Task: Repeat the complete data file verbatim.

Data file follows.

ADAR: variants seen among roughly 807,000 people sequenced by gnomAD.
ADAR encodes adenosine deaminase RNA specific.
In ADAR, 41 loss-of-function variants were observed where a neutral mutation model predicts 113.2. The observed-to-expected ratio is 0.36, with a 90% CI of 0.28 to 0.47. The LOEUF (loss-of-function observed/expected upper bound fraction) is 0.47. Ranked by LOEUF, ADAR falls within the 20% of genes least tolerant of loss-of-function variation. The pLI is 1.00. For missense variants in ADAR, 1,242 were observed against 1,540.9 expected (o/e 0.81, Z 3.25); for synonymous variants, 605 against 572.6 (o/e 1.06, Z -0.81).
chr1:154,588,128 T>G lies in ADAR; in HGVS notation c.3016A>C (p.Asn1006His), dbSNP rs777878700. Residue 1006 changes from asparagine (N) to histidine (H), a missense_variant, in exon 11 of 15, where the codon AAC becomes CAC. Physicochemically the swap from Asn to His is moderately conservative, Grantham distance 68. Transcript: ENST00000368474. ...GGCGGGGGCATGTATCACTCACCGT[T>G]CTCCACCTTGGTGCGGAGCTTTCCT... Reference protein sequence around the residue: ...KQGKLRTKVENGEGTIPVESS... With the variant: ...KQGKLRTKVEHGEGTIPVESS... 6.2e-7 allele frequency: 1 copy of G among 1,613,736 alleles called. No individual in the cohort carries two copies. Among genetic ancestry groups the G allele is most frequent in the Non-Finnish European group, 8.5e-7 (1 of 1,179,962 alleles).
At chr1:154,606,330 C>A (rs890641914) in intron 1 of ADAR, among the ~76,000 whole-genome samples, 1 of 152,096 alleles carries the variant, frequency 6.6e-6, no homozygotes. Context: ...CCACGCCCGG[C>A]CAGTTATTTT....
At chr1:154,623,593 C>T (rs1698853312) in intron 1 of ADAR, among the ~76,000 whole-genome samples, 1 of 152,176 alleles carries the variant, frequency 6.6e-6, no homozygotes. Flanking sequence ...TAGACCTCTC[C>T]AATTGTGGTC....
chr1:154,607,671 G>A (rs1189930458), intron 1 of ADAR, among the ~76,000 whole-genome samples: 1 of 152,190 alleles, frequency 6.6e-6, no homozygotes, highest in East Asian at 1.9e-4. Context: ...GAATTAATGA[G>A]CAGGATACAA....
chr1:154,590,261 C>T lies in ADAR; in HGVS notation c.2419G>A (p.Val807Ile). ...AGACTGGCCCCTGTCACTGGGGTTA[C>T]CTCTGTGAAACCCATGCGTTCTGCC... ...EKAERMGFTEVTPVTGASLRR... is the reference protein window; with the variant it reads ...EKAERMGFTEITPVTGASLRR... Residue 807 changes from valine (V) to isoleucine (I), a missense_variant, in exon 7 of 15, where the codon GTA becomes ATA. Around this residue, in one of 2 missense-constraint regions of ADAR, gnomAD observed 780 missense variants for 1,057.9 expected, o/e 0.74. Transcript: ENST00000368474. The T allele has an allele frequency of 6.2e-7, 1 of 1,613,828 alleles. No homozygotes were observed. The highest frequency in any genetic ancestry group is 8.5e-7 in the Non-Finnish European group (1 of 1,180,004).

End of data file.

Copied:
ADAR: variants seen among roughly 807,000 people sequenced by gnomAD.
ADAR encodes adenosine deaminase RNA specific.
In ADAR, 41 loss-of-function variants were observed where a neutral mutation model predicts 113.2. The observed-to-expected ratio is 0.36, with a 90% CI of 0.28 to 0.47. The LOEUF (loss-of-function observed/expected upper bound fraction) is 0.47. Ranked by LOEUF, ADAR falls within the 20% of genes least tolerant of loss-of-function variation. The pLI is 1.00. For missense variants in ADAR, 1,242 were observed against 1,540.9 expected (o/e 0.81, Z 3.25); for synonymous variants, 605 against 572.6 (o/e 1.06, Z -0.81).
chr1:154,588,128 T>G lies in ADAR; in HGVS notation c.3016A>C (p.Asn1006His), dbSNP rs777878700. Residue 1006 changes from asparagine (N) to histidine (H), a missense_variant, in exon 11 of 15, where the codon AAC becomes CAC. Physicochemically the swap from Asn to His is moderately conservative, Grantham distance 68. Transcript: ENST00000368474. ...GGCGGGGGCATGTATCACTCACCGT[T>G]CTCCACCTTGGTGCGGAGCTTTCCT... Reference protein sequence around the residue: ...KQGKLRTKVENGEGTIPVESS... With the variant: ...KQGKLRTKVEHGEGTIPVESS... 6.2e-7 allele frequency: 1 copy of G among 1,613,736 alleles called. No individual in the cohort carries two copies. Among genetic ancestry groups the G allele is most frequent in the Non-Finnish European group, 8.5e-7 (1 of 1,179,962 alleles).
At chr1:154,606,330 C>A (rs890641914) in intron 1 of ADAR, among the ~76,000 whole-genome samples, 1 of 152,096 alleles carries the variant, frequency 6.6e-6, no homozygotes. Context: ...CCACGCCCGG[C>A]CAGTTATTTT....
At chr1:154,623,593 C>T (rs1698853312) in intron 1 of ADAR, among the ~76,000 whole-genome samples, 1 of 152,176 alleles carries the variant, frequency 6.6e-6, no homozygotes. Flanking sequence ...TAGACCTCTC[C>T]AATTGTGGTC....
chr1:154,607,671 G>A (rs1189930458), intron 1 of ADAR, among the ~76,000 whole-genome samples: 1 of 152,190 alleles, frequency 6.6e-6, no homozygotes, highest in East Asian at 1.9e-4. Context: ...GAATTAATGA[G>A]CAGGATACAA....
chr1:154,590,261 C>T lies in ADAR; in HGVS notation c.2419G>A (p.Val807Ile). ...AGACTGGCCCCTGTCACTGGGGTTA[C>T]CTCTGTGAAACCCATGCGTTCTGCC... ...EKAERMGFTEVTPVTGASLRR... is the reference protein window; with the variant it reads ...EKAERMGFTEITPVTGASLRR... Residue 807 changes from valine (V) to isoleucine (I), a missense_variant, in exon 7 of 15, where the codon GTA becomes ATA. Around this residue, in one of 2 missense-constraint regions of ADAR, gnomAD observed 780 missense variants for 1,057.9 expected, o/e 0.74. Transcript: ENST00000368474. The T allele has an allele frequency of 6.2e-7, 1 of 1,613,828 alleles. No homozygotes were observed. The highest frequency in any genetic ancestry group is 8.5e-7 in the Non-Finnish European group (1 of 1,180,004).